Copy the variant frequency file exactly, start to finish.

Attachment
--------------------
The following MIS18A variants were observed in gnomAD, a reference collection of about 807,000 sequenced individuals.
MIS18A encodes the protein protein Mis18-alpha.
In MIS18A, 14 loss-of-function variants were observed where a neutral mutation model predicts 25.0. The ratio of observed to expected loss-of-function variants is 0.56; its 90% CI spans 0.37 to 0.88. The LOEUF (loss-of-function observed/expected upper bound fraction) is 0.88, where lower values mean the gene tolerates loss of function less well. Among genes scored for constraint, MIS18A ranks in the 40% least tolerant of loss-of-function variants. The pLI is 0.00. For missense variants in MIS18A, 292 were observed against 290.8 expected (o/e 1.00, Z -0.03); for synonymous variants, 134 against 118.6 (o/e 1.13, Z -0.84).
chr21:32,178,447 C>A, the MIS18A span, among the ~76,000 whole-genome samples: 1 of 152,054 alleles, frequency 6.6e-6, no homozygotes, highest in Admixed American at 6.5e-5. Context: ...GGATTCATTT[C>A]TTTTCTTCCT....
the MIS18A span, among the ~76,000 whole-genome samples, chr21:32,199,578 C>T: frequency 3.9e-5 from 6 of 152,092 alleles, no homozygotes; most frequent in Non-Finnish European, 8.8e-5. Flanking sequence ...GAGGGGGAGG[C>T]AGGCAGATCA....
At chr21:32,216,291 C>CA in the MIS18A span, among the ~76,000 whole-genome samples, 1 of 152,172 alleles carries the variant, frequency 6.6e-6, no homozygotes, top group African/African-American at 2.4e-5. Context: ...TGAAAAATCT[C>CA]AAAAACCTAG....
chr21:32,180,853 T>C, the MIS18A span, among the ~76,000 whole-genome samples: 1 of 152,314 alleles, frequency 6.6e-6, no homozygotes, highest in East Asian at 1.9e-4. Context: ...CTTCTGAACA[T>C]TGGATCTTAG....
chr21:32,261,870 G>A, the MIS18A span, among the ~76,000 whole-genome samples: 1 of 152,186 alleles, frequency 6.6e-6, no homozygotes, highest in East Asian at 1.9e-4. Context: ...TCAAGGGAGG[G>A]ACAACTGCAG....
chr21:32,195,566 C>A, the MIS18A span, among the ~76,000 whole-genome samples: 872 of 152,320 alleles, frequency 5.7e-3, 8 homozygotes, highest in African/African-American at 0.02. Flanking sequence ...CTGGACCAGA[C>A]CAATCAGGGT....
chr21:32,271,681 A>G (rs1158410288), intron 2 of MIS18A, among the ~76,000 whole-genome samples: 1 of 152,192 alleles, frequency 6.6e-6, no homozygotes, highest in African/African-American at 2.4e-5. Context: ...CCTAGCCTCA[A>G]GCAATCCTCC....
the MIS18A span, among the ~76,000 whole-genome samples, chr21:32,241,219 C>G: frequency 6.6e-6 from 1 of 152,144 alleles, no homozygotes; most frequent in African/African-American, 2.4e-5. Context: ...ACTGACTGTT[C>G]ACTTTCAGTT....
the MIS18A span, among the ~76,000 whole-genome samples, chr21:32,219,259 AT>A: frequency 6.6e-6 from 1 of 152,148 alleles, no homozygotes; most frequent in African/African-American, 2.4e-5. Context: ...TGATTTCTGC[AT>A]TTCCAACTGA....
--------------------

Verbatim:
The following MIS18A variants were observed in gnomAD, a reference collection of about 807,000 sequenced individuals.
MIS18A encodes the protein protein Mis18-alpha.
In MIS18A, 14 loss-of-function variants were observed where a neutral mutation model predicts 25.0. The ratio of observed to expected loss-of-function variants is 0.56; its 90% CI spans 0.37 to 0.88. The LOEUF (loss-of-function observed/expected upper bound fraction) is 0.88, where lower values mean the gene tolerates loss of function less well. Among genes scored for constraint, MIS18A ranks in the 40% least tolerant of loss-of-function variants. The pLI is 0.00. For missense variants in MIS18A, 292 were observed against 290.8 expected (o/e 1.00, Z -0.03); for synonymous variants, 134 against 118.6 (o/e 1.13, Z -0.84).
chr21:32,178,447 C>A, the MIS18A span, among the ~76,000 whole-genome samples: 1 of 152,054 alleles, frequency 6.6e-6, no homozygotes, highest in Admixed American at 6.5e-5. Context: ...GGATTCATTT[C>A]TTTTCTTCCT....
the MIS18A span, among the ~76,000 whole-genome samples, chr21:32,199,578 C>T: frequency 3.9e-5 from 6 of 152,092 alleles, no homozygotes; most frequent in Non-Finnish European, 8.8e-5. Flanking sequence ...GAGGGGGAGG[C>T]AGGCAGATCA....
At chr21:32,216,291 C>CA in the MIS18A span, among the ~76,000 whole-genome samples, 1 of 152,172 alleles carries the variant, frequency 6.6e-6, no homozygotes, top group African/African-American at 2.4e-5. Context: ...TGAAAAATCT[C>CA]AAAAACCTAG....
chr21:32,180,853 T>C, the MIS18A span, among the ~76,000 whole-genome samples: 1 of 152,314 alleles, frequency 6.6e-6, no homozygotes, highest in East Asian at 1.9e-4. Context: ...CTTCTGAACA[T>C]TGGATCTTAG....
chr21:32,261,870 G>A, the MIS18A span, among the ~76,000 whole-genome samples: 1 of 152,186 alleles, frequency 6.6e-6, no homozygotes, highest in East Asian at 1.9e-4. Context: ...TCAAGGGAGG[G>A]ACAACTGCAG....
chr21:32,195,566 C>A, the MIS18A span, among the ~76,000 whole-genome samples: 872 of 152,320 alleles, frequency 5.7e-3, 8 homozygotes, highest in African/African-American at 0.02. Flanking sequence ...CTGGACCAGA[C>A]CAATCAGGGT....
chr21:32,271,681 A>G (rs1158410288), intron 2 of MIS18A, among the ~76,000 whole-genome samples: 1 of 152,192 alleles, frequency 6.6e-6, no homozygotes, highest in African/African-American at 2.4e-5. Context: ...CCTAGCCTCA[A>G]GCAATCCTCC....
the MIS18A span, among the ~76,000 whole-genome samples, chr21:32,241,219 C>G: frequency 6.6e-6 from 1 of 152,144 alleles, no homozygotes; most frequent in African/African-American, 2.4e-5. Context: ...ACTGACTGTT[C>G]ACTTTCAGTT....
the MIS18A span, among the ~76,000 whole-genome samples, chr21:32,219,259 AT>A: frequency 6.6e-6 from 1 of 152,148 alleles, no homozygotes; most frequent in African/African-American, 2.4e-5. Context: ...TGATTTCTGC[AT>A]TTCCAACTGA....